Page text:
O'Reilly logo

Learning GNU Emacs, Second Edition by Eric S. Raymond, Bill Rosenblatt, Debra Cameron

Stay ahead with the world's most comprehensive technology and business learning platform.

With Safari, you learn the way you learn best. Get unlimited access to videos, live online training, learning paths, books, tutorials, and more.

Start Free Trial

No credit card required

Rectangle Editing

When you mark regions to move or delete, they always cover the full width of the screen. Editing by region is fine for most of the work that you do in Emacs. But what if you wanted to edit a table? Since regions cover the full width of the screen, they can’t handle this case. Emacs offers another way to define areas to delete, copy, and move around: using rectangles. Rectangles are just what they sound like: rectangular areas that you define and manipulate using special rectangle editing commands. Editing with rectangles is useful whenever you want to move or delete vertical columns of information; for instance, moving a column of a table, of adding or deleting comments accompanying code.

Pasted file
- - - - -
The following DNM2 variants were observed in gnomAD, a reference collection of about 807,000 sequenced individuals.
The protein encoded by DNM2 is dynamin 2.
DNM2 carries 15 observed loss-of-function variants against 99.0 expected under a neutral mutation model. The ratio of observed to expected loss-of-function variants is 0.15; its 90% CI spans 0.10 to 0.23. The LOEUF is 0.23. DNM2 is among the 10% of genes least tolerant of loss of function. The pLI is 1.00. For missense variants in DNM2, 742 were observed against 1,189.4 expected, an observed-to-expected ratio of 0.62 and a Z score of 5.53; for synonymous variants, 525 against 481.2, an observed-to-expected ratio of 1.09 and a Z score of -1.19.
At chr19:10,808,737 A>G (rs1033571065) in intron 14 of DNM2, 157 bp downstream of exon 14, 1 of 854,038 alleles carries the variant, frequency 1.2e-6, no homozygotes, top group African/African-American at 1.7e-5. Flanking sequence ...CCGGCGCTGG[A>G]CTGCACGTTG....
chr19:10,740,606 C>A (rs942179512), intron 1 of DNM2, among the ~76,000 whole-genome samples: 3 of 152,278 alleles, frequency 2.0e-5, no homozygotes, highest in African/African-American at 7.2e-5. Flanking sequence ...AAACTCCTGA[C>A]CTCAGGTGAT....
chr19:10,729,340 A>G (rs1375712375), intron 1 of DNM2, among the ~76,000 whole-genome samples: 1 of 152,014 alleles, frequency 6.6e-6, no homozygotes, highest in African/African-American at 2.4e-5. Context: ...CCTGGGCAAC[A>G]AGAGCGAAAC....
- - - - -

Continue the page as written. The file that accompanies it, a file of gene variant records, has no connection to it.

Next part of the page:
For example, let’s say you want to edit the following table, moving the “Working Hours” column to the right side. There’s no way to do this using regions, but it’s easy to do if you learn some rectangle editing commands.

Initial state:

Rectangle Editing

You define a rectangle the same way you define a region; the commands you use after marking the area tell Emacs whether you want to work with a region or a rectangle.

To define a rectangle, move the cursor to the upper-left corner and set the mark by pressing C-@ or C-SPACE, then move the cursor to the lower-right corner of the rectangle. Once you’re at the lower-right corner of the rectangle, move one character farther. Why move one character ...

With Safari, you learn the way you learn best. Get unlimited access to videos, live online training, learning paths, books, interactive tutorials, and more.

Start Free Trial

No credit card required